What trans men see that women don’t. “Cultural sexism in the world is very real when you’ve lived on both sides of the coin”
These are the cities that climate change will hit first. And here’s the interactive map. (via @ChrisBoese)
Never Mind the Sharing Economy: Here’s Platform Capitalism “This might sound trivial but given the confused usage of the notion of sharing, it seems appropriate to remind ourselves that helping each other out by sharing our resources is one thing while commodifying these resources by charging a fee for their use is quite another. And this gets us to the more innovative dimension of the “sharing economy.” Today, the “sharing economy” entails much more than just digital updates of second-hand exchange and rentals. What companies like Uber, AirBnB, TaskRabbit or Postmates have in common is that they are platforms coordinating supply and demand of products and services that in their present form were previously unavailable on the market. … While it might be convenient to make use of these services, they have absolutely nothing to do with sharing. They stand for a digitally enabled expansion of the market economy, which, again, is the opposite of sharing. If someone does my shopping or drops me at the airport in exchange for a financial fee, how is this sharing?”
Art + Design
Artist Creates Spellbinding Salt Labyrinth Inside a 13th Century French Castle
10 most clever examples of shadow street art.
Crochet coral reef gallery. This is just so cool.
Book art by Isobelle Ouzman
Beautiful 2,200-year-old mosaics discovered in ancient Greek city
This Startup Is Renaming Every Place On Earth. I… am not certain this is going to catch on. (via @ChrisBoese)
This graphic is quite appalling. People who are 18-29 are definitely getting screwed.
But there was one other thing I noticed.
- Baby boomers: between 52 and 70 years old in 2016
- Generations X: early 60s to the early 80s (i.e in 2016 roughly between 35 and 51)
- Millenials: early 80s to 2000 (i.e in 2016 roughly between 18 and 35)
- Generation Z: after 2000 (i.e in 2016 will be under 17)
Now, there’s obviously no direct correlation between these generations and the age groups in the graphic. Most baby boomers fall into the oldest group. The second oldest group, those who have done the best, are a couple of years of boomers and 5 or 6 years of Millenials, but are mostly Generation X. The second youngest group, which is half Millenials, doesn’t do quite as well as boomers, but it’s after the older cohort of Millenials that the road really goes over the cliff.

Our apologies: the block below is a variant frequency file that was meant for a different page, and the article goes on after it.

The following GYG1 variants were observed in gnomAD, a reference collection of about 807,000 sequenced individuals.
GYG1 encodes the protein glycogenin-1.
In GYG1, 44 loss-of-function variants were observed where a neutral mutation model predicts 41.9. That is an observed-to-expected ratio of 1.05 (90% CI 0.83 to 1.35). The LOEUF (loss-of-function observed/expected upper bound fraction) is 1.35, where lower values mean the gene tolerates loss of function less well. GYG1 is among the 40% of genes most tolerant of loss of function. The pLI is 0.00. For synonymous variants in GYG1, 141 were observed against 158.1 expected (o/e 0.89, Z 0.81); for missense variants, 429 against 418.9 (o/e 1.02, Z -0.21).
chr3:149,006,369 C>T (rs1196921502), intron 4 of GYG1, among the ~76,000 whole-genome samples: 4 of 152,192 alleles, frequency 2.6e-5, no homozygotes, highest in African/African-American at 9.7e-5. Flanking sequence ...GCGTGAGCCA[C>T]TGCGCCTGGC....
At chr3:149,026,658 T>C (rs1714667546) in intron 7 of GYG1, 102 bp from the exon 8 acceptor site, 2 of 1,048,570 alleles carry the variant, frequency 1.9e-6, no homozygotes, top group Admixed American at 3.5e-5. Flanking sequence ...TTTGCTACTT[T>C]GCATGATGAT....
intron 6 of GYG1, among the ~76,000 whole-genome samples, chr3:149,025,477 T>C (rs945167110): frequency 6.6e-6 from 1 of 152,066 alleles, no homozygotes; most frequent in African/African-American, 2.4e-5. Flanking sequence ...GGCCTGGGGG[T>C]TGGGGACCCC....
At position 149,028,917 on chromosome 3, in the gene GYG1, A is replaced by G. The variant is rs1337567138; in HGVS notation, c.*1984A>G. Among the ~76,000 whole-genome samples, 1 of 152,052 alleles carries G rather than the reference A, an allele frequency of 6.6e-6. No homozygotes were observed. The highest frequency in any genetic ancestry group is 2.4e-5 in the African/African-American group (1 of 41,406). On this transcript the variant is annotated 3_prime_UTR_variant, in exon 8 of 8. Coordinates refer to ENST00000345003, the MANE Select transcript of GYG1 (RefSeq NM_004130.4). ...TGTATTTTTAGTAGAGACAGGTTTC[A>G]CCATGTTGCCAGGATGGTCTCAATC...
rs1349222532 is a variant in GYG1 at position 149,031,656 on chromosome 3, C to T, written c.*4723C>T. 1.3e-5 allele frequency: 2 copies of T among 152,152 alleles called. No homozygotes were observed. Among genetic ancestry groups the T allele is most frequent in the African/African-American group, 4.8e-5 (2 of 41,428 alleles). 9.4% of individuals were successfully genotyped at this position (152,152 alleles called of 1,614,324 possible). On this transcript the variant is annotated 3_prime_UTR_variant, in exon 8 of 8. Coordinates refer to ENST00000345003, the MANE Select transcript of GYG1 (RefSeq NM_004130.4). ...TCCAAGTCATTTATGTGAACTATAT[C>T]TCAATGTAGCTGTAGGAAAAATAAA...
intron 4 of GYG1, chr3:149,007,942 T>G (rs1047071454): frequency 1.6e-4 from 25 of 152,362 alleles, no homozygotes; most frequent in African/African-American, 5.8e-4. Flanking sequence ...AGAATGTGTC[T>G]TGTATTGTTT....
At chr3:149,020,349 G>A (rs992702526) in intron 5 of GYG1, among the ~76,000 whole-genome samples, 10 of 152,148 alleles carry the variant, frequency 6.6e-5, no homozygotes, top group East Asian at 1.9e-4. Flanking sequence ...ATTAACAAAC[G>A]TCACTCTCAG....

I’ve seen quite a lot of online complaining about how boomers got everything for themselves and in the process ruined it for everyone else. (Which ignores, of course, issues of class and power, but that’s another topic.) And of course on the whole boomers have done very well for themselves, and young people are extremely disadvantaged by comparison, and have a right to be pissed. But based on this graphic, it looks like the “got everything” demographic isn’t just greedy old farts.
Another chart. Attitudes in two different industries. The comments are also interesting.
A stealthy, stronger line of female salamanders are skipping sex and stealing DNA from males instead.
The nostalgia machine. Hit a year and see what music was playing.
“I might want one of these,” I thought. And then I thought: CATS.
Just for fun
Neighbors said to fear ‘transient academics’. The comments are golden.
Yes, English can be weird.
Some of you may not know what cosplay is. It’s short for “costumed roleplay” and is a delightful combination of craft and fandom and passion that produces some spectacular creativity. Most of the time cosplayers present themselves as superheroes and/or characters from popular media, but sometimes they do… other things. (Be sure to watch both videos).
And because of the horrors in Orlando this week, it seems appropriate to end on something so unabashedly celebratory: Shut up and dance with me.
Outside, tomorrow, hangovers, regrets, the grind. Outside, tomorrow, the struggle to effect change. But inside, tonight, none of that matters. Inside, tonight, the only imperative is to love. Lap the bar, out for a smoke, back inside, the ammonia and sweat and the floor slightly tacky, another drink, the imperative is to get loose, get down, find religion, lose it, find your hips locked into another’s, break, dance on your own for a while — but you didn’t come here to be a nun — find your lips pressed against another’s, break, find your friends, dance. The only imperative is to be transformed, transfigured in the disco light. To lighten, loosen, see yourself reflected in the beauty of others. You didn’t come here to be a martyr, you came to live, papi. To live, mamacita. To live, hijos. To live, mariposas.
—Justin Torres, In Praise of Latin Night at the Queer Club